The Decline of Nutritional Eating

Good nutrition is a vital aspect of a healthy life. Unfortunately, the food industry has been breeding much of the nutrition out of the food supply, making it much more difficult for the average person to absorb essential vitamins and minerals. It’s an indisputable fact that many of our foods have lost a great deal of the illness-fighting properties they once contained.

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The modern state of the food industry has led directly to the rise of the nutritarian movement. Nutritarians make a point of eating for nutrient content, with phytonutrients being a main part of their agenda. Phytonutrients are food compounds that have been associated with reduced risk of cancer, dementia, cardiovascular disease, and diabetes. Many argue that it’s no coincidence that phytonutrients are on the decline and these four diseases are among the leading causes of death in the U.S.

It would follow, then, that people can seek to prevent these terrible diseases by simply eating better. That’s right – there’s no need to follow the latest scientific developments, diet and exercise fads, or undergo invasive surgery. The preventative cure can be found at your next meal.

Of course, one huge problem remains: Grocers simply don’t stock a huge supply of phytonutrient-rich foods. It terms of evolution, it wasn’t so long ago that humans were foraging for food. Today, humans have managed to weed out much of the old food supply – which was stocked with health-preserving compounds – in favor of things we think taste good. Nutrients have suffered in favor of sweet taste. Indeed, plants higher in phytonutrients tend to taste bitter, astringent, or sour – leading people to consume less and less over time.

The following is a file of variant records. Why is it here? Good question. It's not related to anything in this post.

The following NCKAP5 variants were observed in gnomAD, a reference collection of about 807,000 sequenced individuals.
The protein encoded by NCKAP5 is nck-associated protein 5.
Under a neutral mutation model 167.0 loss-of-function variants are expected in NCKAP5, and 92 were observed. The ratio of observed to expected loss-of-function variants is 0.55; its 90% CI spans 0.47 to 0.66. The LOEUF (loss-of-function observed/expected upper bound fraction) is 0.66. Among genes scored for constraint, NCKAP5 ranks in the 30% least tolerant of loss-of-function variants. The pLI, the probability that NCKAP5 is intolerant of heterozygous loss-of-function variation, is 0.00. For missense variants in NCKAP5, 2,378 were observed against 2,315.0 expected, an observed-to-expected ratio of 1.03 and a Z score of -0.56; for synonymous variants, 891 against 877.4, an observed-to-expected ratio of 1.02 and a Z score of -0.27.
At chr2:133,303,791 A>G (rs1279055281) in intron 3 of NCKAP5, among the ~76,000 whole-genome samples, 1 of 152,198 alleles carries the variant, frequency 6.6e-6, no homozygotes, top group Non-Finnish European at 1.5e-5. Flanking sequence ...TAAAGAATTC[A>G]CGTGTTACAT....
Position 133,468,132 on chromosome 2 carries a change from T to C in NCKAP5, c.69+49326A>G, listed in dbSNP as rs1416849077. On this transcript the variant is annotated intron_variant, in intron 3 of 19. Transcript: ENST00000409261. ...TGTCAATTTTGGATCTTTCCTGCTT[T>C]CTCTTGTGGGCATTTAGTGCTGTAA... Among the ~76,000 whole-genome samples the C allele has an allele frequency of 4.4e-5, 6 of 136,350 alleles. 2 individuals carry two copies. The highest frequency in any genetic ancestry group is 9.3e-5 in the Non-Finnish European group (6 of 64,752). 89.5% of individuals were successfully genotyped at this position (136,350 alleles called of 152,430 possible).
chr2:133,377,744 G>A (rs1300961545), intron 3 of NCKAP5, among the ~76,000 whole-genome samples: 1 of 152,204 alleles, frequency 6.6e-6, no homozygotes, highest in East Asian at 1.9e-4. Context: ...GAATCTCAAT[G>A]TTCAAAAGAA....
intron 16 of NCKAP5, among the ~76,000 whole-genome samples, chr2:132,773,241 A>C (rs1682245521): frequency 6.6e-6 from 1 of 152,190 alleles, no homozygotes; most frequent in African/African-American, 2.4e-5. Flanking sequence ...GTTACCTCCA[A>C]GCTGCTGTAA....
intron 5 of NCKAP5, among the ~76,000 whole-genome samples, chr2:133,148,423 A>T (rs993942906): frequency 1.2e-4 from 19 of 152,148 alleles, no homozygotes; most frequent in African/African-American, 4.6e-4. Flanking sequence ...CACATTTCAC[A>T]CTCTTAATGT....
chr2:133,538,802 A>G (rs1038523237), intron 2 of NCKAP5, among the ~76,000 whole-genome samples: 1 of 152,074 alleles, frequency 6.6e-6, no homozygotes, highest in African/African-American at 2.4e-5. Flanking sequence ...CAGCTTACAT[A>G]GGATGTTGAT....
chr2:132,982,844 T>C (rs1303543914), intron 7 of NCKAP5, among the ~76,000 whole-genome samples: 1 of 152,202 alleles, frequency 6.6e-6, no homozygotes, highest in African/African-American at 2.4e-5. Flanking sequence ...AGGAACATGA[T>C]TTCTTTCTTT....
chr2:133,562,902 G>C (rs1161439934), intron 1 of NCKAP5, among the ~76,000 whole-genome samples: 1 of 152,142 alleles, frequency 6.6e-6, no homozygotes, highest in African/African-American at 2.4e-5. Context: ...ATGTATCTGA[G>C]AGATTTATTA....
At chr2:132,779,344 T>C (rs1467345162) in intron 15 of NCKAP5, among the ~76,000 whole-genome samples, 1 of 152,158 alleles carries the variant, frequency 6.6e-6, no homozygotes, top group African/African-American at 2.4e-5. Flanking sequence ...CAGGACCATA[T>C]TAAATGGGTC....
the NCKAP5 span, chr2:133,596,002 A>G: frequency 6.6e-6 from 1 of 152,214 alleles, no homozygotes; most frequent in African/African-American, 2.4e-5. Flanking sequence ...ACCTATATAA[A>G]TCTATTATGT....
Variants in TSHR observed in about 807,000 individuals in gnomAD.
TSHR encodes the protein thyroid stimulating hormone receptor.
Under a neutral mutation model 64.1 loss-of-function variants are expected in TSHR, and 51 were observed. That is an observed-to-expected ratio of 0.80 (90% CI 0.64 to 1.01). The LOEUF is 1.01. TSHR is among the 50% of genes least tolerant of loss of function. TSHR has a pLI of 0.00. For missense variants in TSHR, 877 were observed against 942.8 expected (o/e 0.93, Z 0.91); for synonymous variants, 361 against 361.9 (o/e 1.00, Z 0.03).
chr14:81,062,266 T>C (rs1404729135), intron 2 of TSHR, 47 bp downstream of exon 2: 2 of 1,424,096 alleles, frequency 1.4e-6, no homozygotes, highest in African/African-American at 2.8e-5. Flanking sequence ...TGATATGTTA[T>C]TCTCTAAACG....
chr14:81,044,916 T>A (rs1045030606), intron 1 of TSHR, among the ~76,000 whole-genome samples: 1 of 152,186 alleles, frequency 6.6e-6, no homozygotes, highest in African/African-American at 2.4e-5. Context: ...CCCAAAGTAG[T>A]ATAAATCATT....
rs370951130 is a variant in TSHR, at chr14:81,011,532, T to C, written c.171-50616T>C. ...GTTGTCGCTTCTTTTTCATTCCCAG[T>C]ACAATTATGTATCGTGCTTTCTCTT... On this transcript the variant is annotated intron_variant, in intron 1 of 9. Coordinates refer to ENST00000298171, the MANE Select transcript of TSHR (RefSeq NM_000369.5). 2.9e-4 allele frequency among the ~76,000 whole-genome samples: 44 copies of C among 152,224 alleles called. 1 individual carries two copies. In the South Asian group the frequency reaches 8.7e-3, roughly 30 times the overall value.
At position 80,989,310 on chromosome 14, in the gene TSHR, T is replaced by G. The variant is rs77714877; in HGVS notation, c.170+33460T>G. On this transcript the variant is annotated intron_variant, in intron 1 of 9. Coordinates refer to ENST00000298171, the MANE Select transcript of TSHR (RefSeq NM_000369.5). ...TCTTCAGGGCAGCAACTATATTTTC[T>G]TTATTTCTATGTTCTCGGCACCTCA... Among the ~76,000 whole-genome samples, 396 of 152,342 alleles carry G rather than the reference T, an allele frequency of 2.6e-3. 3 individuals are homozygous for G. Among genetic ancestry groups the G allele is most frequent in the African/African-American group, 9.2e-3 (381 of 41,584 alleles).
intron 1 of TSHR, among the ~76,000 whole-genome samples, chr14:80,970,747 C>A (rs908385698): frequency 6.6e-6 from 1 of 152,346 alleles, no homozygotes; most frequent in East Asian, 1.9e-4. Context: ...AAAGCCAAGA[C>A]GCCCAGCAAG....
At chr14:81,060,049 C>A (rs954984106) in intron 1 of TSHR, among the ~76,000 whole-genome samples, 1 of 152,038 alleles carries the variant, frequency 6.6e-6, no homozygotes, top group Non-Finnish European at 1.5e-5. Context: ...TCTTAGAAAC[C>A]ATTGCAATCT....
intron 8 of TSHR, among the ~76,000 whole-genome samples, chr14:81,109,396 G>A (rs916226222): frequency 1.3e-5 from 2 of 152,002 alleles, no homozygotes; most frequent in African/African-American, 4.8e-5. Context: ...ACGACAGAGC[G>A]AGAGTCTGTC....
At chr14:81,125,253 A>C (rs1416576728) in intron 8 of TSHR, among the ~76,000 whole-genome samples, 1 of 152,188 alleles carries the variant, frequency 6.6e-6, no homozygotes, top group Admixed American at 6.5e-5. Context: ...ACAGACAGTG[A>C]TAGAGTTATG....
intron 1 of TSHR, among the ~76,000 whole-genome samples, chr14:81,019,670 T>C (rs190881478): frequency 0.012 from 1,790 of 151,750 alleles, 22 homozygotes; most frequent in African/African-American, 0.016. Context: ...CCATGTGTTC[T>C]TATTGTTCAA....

Luckily, phytonutrients make themselves known to anyone perusing the supermarket produce section. Cartenoids, for example, are antioxidants present in red, orange, and yellow fruits and vegetables. Cancer-fighting ellagic acid can be found in red and purple produce – including, strawberries, raspberries, and pomegranates. Flavonoids, which are believed to reduce the risk of cancer, asthma, and heart disease, can be found in onions, green tea, and citrus fruits. Green vegetables, such as broccoli, cabbage, Brussels sprouts, and kale, contain cancer-preventing glucosinolates.


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